The Political theme had the most expressive percentage of checks: 48, we included any political issue that encompassed the most direct actions of governments or the figure of their politicians. The attacks on the current governor of São Paulo, João Doria, were identified in 13 checks, of which 11 (22.92%) are in this category, and the 2 appearances are in the themes China and Medicine. In “It is false that Doria banned chloroquine in hospitals in São Paulo” and “It is false that Doria took ‘Chinese vaccine’ against COVID-19 without wearing a mask”, the lies are articulated, for example, with Remedies and Care, in the first case, and China and Prevention, in the second; however, the focus of the lie is Doria. Still, in Politics, “It is false that the government of Paraíba used emergency funds to hire artists” and “It is false that the number of deaths per day fell in Manaus after Teich’s visit” bring associations with Benefit and Death; however, the intention is to attack mainly the governor, on one side, and improve the image of the minister and president, on the other.
Death, totaling 39, has 8 (20.51%) false allegations that living people were being buried or that coffins were being buried empty; in addition to these cases, we highlight three fake news articles about business suicides. These lies sought, above all, to reinforce the false dichotomy between health and economy, raised by some politicians and businessmen during the pandemic.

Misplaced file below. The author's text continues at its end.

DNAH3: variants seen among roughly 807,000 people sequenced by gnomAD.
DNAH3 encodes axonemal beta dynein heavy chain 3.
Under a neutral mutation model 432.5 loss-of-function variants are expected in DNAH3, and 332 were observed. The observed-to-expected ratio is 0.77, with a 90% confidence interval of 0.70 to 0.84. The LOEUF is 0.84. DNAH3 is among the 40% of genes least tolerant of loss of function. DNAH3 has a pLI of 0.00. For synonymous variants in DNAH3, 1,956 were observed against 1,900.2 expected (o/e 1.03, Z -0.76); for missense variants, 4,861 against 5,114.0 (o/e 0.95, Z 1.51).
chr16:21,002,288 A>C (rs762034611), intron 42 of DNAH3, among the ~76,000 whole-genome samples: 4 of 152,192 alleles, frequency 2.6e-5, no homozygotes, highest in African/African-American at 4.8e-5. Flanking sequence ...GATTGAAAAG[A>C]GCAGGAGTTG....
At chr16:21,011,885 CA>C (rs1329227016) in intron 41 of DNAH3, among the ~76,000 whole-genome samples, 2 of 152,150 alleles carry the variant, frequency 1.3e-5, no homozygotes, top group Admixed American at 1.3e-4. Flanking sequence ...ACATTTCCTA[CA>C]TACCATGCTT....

In Medicines, 32 cases were identified, 27 (84.38%) of them were dedicated to exalting the benefits of chloroquine, in which research already demonstrated its ineffectiveness—that is, more than not having enough information, as happened during our sample, since the end of 2020, its use was already unauthorized. This theme presents relationships with the following categories: Politics—with associations to the governors of Bahia, Rio Grande do Sul and São Paulo, in addition to the mayor of that city, minister Augusto Heleno and the PT (political group) and STF (Brazilian supreme court); Personality, citing an actress who would have been cured with chloroquine and Prevention, with a lie that presents a formula to prevent and cure at the same time. Chloroquine still appears in the categories of Politics, mentioned above, linked to the governor of São Paulo, João Doria and Personality being associated with cartoonist Ziraldo, mentioned below, shows that fake news is always seeking to acquire some notoriety from socially recognized people.